Of the 20 or so other firms she regularly talks to, some of which are smaller local players, she uses Shepherd & Wedderburn, often turning to competition partner
Gordon Downie along with partners James Saunders and John Grady for regulatory issues. She also instructs MacRoberts planning partner Moray Thomson for planning and property issues, along with environment partner Jamie Grant.
At DWF she uses corporate partner Wayne Lawrence and property partner Anthony McEwan.
Since the Iberdrola merger she has come to appreciate firms’ international expertise.
“It’s good if a firm has strong ties with its Madrid offices,” she says. ”You want someone the Iberdrola team is comfortable with, and to have teams you like and can talk to. Some of the things we look at could have a Spanish dimension and when you’re part of a global group you have to have an eye on what’s going on everywhere else. You’ve got to think ‘are there implications for the group?’ and if you’ve got external lawyers assisting you, you want to be able to say ‘leave it with us – we’ll phone Madrid’, without having to spend three days getting up to speed.”
Secondees and ‘the Marion call’
One of the most useful ways external firms have assisted Venman has been in the area of secondees.
“We’ve tried to drive down costs and some of that is using secondees more,” she says. “We ask firms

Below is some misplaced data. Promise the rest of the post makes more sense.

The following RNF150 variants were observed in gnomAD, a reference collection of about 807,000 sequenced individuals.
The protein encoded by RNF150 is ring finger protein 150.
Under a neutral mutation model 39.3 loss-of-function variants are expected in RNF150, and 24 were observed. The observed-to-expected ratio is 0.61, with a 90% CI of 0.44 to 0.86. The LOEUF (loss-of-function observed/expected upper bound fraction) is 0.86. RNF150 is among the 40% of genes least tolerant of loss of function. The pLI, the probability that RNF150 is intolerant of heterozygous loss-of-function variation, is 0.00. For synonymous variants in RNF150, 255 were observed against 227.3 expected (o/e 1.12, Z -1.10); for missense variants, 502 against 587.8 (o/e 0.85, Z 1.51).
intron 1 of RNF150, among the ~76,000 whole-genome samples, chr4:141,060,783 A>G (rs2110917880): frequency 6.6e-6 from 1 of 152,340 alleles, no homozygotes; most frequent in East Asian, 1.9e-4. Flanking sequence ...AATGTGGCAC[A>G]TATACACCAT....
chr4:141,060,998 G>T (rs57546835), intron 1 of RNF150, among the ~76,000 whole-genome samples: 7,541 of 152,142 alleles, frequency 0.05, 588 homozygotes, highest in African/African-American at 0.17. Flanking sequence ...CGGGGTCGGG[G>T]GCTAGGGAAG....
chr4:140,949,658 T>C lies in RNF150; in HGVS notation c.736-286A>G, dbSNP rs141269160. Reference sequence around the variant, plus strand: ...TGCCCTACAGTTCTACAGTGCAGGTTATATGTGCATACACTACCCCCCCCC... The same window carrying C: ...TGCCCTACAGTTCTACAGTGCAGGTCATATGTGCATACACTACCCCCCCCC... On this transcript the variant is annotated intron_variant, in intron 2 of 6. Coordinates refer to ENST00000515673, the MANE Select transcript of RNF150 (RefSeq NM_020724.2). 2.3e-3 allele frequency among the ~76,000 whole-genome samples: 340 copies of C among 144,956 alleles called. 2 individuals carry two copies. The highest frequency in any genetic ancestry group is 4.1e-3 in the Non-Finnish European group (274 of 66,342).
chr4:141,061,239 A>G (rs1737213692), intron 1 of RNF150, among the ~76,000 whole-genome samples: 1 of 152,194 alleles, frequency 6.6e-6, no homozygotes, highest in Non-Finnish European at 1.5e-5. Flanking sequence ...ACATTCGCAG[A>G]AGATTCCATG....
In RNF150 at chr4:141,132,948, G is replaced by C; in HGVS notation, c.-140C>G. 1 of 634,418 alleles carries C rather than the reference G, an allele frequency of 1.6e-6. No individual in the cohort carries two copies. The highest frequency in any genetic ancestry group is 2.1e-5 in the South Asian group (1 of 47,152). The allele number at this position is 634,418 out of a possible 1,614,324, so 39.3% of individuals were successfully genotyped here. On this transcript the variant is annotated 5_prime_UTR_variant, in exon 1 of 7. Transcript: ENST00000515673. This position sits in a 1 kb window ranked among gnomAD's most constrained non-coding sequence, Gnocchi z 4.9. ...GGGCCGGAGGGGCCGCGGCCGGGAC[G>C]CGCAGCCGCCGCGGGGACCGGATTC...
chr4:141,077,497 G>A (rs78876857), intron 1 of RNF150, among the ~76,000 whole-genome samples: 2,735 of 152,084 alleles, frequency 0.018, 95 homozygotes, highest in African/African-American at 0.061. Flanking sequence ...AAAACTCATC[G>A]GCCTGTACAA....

for them and have been largely
fortunate with the high quality of these. Provided they get on with everyone, they can become the go-to guy.”
The business has taken several secondees from firms including Shepherd & Wedderburn, which recently handed them a construction lawyer.
“We have a joke about the ‘Marion call’,” says Venman. “It’s when I ring firms and say ‘sorry, we like this trainee and we think he likes us…’ I’m sure they’re a bit annoyed for a while, but they get over it,” she laughs.
Position: Head of legal and general secretary
Reporting to: Operationally, to Iberdrola business legal director José Miguel Alcolea Cantos, and to Iberdrola chairman and chief executive Ignacio Galán in role
as secretary of the Scottish Power board
Legal capacity: 14 lawyers in Scottish Power, including two Spanish-qualified lawyers split across the four teams
Main law firms: DWF, Linklaters, MacRoberts, Shepherd & Wedderburn